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Imposters Syndrome – The Steps After the First

My first blog post here talked about having the confidence to take that first step. That, for me was easy. Making decisions whilst fired up on adrenaline is great, but what do you do when that adrenaline disappears?

Previously, I talked about how losing my job pushed me to step into freelance. I spoke of confidence and reckless abandon and balancing that with thoughtful planning.

That post was then deleted.

The adrenaline of deciding to freelance had left me and I was left with no professional support network, no income, and no clients. I backed out, took a temp job when offered, and stepped into a monotony of unskilled data entry with no career prospects.

Ultimately, fear is what has pushed me back into freelance. Not the healthiest of motivators, but a motivator none-the-less. This too is not sustainable. Fear will become overwhelming, and without structure I'll give up again.

What is sustainable is a collection of habits.

The first thing I've done is joined a support network for freelancers.

There are plenty of resources that list various support networks. I suggest you take to an internet search and find a group local to your area or specific to your niche.

The second thing I've done is to create a daily checklist.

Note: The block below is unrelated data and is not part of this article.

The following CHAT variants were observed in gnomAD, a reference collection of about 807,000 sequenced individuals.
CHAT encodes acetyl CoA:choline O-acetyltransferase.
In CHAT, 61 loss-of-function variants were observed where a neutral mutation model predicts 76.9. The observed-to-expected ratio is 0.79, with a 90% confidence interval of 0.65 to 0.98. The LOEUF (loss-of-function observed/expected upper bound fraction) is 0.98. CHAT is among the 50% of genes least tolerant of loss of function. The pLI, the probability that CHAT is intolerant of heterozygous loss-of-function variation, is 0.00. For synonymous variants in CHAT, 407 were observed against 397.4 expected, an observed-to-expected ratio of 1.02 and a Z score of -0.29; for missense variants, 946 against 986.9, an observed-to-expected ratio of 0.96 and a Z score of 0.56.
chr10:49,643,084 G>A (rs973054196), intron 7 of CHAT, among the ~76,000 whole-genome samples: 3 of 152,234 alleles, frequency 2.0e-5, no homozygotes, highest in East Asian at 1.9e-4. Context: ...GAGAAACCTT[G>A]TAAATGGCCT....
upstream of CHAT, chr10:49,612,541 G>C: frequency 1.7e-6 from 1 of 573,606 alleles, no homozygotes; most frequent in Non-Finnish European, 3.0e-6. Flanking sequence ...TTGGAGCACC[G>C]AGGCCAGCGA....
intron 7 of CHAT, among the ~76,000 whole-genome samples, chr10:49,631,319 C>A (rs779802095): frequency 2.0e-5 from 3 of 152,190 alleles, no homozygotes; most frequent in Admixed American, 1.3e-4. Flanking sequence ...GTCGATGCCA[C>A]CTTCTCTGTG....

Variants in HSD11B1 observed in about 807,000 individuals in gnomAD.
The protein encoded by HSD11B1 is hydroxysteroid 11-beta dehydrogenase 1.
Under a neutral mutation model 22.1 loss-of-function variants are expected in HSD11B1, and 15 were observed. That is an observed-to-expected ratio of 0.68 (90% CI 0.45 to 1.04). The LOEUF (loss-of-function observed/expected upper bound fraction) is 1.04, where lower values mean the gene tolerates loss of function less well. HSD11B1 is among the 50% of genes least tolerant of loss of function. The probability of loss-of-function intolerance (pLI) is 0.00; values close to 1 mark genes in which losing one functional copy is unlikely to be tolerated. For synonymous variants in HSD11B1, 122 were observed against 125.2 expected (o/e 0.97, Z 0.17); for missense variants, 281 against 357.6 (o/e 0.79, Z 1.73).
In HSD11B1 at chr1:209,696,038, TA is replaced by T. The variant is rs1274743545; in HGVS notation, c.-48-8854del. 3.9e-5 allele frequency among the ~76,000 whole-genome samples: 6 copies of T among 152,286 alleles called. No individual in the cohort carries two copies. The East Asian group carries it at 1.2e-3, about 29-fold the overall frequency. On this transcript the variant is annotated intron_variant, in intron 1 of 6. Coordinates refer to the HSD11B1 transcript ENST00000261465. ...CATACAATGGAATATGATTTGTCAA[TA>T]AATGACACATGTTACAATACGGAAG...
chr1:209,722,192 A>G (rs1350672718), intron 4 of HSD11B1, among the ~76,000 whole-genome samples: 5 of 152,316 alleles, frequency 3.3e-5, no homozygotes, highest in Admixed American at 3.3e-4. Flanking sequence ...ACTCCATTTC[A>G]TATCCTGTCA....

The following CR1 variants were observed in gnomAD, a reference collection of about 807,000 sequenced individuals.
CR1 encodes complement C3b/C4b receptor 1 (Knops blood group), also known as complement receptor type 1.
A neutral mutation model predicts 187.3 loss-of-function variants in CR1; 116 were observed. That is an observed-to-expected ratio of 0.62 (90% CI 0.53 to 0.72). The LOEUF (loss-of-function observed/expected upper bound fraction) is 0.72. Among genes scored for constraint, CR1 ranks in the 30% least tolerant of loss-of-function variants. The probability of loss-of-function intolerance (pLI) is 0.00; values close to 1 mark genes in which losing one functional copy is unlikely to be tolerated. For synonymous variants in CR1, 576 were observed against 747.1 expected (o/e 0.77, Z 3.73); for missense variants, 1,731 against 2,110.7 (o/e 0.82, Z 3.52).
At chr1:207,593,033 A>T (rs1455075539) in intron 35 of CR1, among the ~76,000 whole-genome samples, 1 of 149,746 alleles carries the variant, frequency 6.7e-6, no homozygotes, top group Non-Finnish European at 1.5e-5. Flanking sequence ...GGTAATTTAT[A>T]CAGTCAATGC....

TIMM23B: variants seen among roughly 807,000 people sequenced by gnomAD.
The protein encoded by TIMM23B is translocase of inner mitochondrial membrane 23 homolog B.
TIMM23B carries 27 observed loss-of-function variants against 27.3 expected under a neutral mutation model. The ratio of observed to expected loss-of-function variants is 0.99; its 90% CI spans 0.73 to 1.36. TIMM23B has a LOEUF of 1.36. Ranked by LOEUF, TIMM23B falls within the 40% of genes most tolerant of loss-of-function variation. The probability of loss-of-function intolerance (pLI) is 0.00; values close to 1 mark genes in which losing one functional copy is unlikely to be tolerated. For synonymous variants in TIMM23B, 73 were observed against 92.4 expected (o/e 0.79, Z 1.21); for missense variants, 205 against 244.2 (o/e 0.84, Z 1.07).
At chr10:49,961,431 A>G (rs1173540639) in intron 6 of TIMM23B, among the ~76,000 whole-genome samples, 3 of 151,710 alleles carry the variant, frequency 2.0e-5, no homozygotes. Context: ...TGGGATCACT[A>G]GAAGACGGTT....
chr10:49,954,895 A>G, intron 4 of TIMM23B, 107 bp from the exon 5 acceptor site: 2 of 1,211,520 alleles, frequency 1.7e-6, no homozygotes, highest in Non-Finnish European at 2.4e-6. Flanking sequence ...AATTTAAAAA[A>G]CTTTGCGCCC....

In a dedicated KeepNote account, free from the clutter of my personal KeepNote, I have two pinned notes. These are daily schedules that are the bare minimum of achievable tasks to orientate myself at the beginning of the day.

Not only are they achievable, but they are meaningful. Yes, making a coffee and having a good morning ritual maybe helpful for your mind, but a ritualistic approach to morning business tasks is important too. These five task in my daily schedule will have a direct impact on meeting my business objectives. In five tasks first thing in the morning I ensure the first thing I do is productive.

The third change I have made is dedicating hours to training.

There is plenty of organisation offering training in copyediting and proofreading. They offer a way to sharpen your skills as well as assure your clients that you will be providing them with quality work. Furthermore, investing money into your professional development gives you a financial incentive to stick at it through the dry patches.

I use the Chartered Institute of Editing and Proofreading as the source for my training. When you look into training yourself, ensure it is sources from an accredited and respected organisation.

For many freelancers, the instability and lack of clear path is a source of great stress. The habits outlined in this blog should support you in creating a stress-free path to a healthy business.

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